Galena Peak HPS / PD
Galena Peak West P750 PD
Cuchillo Peak PD
Wanat Peak P500 PD
Little San Gorgonio Peak P500 HPS / PD
Wilshire Mountain HPS / PD
Wilshire Peak HPS
Oak Glen Peak
Cedar Mountain HPS
Birch Mountain HPS
Allen Peak P500 HPS

Sun, Jul 3, 2011

With: Tom Becht
Laura Molnar

Birch Mountain
Story Photos / Slideshow Maps: 1 2 Profile


The Yucaipa Ridge is a long, 12-mile ridgeline in the southern part of the San Bernardino Mtns, rising up to over 9,000ft, forming the south side of Mill Creek Canyon. There are seven HPS summits along the ridge which happen to correspond to the last seven HPS peaks I had to do. Tom and Laura had joined me for these last three days in the San Bernardino Mtns, culminating in today's list finish. Normally done over several days, the traverse of the ridge had been done in the past in a single day, but reported to be very long. Tom had already climbed all but Galena, but was willing to repeat most of them a second time. Laura had not been to any of them and was not really sure what she was getting into, but as usual she was game.

We woke up not long after 5a in the parking lot for the South Fork TH on the north side of San Gorgonio where we had spent the night. Before driving off to rendevous at the day's starting point, Laura once more ran into a friend who was just about to start off on the South Fork Trail. Like clockwork, go somewhere with Laura and she's bound to meet someone else she knows unexpectedly. It was 6a before we'd reached the endpoint for the day at the Bear Paw Reserve. Tom had called ahead to gain permission to park our cars here and hike through their property at the end of the day. Laura wasn't feeling good after our long day around San Gorgonio, so she was looking for an easier outing. I suggested she could start from Bear Paw and hike up at a comfortable pace and meet us along the way on whichever peak she chose. That allowed her to drive Tom and I to the Vivian Creek TH, saving an extra car shuttle drive at the end of the day.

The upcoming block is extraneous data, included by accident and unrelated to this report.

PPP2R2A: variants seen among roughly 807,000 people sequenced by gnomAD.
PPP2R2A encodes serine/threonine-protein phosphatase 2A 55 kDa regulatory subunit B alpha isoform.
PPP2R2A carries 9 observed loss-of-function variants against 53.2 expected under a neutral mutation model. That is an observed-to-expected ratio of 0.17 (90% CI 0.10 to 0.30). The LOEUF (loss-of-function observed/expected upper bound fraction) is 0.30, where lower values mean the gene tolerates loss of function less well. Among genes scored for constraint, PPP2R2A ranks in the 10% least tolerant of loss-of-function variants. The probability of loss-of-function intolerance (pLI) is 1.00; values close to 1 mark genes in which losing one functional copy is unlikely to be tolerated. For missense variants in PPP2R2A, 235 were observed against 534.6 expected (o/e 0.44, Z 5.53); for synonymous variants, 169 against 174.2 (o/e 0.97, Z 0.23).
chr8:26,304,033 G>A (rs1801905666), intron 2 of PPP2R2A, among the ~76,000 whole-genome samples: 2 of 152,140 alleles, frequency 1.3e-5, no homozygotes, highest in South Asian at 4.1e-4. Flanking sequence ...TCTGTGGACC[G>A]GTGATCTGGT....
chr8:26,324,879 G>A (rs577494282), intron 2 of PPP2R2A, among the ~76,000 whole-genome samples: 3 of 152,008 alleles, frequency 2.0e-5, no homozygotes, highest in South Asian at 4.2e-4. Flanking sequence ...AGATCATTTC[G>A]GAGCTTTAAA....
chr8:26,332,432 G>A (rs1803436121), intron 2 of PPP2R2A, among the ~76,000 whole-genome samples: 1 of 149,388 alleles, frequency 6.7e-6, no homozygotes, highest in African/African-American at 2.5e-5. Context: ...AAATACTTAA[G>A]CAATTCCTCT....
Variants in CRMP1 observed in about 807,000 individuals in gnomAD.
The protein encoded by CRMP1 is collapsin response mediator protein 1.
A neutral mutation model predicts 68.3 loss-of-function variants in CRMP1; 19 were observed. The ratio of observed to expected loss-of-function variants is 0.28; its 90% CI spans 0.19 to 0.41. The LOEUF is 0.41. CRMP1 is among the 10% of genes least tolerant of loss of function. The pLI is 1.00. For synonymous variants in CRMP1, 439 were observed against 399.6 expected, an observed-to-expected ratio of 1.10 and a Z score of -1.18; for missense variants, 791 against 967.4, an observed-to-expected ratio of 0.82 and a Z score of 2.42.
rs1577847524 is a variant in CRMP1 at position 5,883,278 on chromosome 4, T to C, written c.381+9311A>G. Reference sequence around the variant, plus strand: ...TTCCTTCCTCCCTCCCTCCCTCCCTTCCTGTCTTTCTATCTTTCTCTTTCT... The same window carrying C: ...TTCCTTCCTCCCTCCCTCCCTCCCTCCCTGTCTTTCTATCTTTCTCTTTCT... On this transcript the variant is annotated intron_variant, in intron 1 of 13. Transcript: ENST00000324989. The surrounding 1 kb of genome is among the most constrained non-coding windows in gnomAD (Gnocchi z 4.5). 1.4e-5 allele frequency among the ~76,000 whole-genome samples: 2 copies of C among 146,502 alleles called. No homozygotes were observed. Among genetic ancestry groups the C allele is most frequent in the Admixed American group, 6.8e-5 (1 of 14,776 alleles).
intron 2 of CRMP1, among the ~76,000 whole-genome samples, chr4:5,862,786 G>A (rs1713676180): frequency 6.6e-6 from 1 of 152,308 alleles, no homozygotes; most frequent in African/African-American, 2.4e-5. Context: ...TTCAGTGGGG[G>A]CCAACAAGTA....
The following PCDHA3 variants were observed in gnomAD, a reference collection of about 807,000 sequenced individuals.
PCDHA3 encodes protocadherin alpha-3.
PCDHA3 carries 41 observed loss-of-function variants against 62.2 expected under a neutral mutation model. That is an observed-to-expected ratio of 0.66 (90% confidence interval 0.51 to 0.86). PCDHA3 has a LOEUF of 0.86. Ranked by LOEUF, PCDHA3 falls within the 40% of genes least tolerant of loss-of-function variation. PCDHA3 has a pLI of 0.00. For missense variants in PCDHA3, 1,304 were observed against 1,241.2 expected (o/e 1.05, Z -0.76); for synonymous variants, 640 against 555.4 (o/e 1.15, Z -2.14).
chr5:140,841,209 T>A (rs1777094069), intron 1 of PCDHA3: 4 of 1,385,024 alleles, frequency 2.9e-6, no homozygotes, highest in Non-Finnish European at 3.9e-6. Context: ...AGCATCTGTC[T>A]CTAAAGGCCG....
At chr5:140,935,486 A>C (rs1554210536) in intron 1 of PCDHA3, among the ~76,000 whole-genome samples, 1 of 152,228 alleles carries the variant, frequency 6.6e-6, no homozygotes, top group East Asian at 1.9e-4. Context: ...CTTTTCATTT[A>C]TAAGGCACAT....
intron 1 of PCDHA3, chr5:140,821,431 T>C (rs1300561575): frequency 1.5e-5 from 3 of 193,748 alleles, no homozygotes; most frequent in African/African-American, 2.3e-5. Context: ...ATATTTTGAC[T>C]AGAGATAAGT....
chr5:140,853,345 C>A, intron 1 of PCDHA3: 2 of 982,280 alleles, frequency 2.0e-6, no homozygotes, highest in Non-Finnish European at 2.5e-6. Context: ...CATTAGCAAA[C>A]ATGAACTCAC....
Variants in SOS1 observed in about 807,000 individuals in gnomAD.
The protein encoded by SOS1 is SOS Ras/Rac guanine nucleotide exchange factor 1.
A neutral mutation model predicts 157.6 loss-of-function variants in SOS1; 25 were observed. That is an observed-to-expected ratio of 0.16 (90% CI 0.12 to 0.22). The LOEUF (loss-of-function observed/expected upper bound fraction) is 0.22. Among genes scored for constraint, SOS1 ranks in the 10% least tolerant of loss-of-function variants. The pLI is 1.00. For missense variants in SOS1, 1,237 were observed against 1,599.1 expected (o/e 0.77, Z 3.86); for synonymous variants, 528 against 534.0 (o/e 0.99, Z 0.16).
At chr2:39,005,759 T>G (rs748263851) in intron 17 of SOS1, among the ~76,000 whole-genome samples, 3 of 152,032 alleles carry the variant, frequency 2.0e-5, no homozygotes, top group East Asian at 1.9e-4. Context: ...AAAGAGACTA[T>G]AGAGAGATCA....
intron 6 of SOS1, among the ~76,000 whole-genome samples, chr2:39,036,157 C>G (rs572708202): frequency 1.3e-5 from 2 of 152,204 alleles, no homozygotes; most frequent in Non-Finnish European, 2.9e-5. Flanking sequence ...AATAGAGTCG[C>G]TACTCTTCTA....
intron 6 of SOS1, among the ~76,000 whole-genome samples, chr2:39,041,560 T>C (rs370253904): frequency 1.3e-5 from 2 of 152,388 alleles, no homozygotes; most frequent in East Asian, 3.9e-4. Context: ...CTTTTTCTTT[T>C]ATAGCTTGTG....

Starting just before 6:30a, Tom and I hiked the short distance up the trail on the south side of Mill Creek before signs indicate the trail crosses over to the north side and goes up from there. Our route was to continue east, cross-country up the Mill Creek drainage. For the most part, it is not a pleasant hike as the amount of boulders one must traverse seems almost perverse. Not that there aren't some pleasant sights along the way - a few waterfalls coming down off the north wall of the canyon is one example. The creek was reduced to a modest stream in the middle of this humungously wide boulder field. We had to cross it a few times, Tom unsuccessful on one attempt and having to stop to wring out his socks immediately afterwards. We came across a particularly nice bivy site that has been used a good deal over the years, but most of the terrain was boulders, rocks, and more boulders. The canyon walls were either too steep to traverse or too littered with blowdown to make for a better alternative.

An hour after starting out we came across an older asian couple who were looking for the Vivian Creek Trail. Sadly, we had to break it to them that they missed the crossing back at the beginning. Curious as to where we were heading, they asked if they might go the same way as well. When they realized there was no trail and no easier terrain ahead, they wisely decided to head back to the start.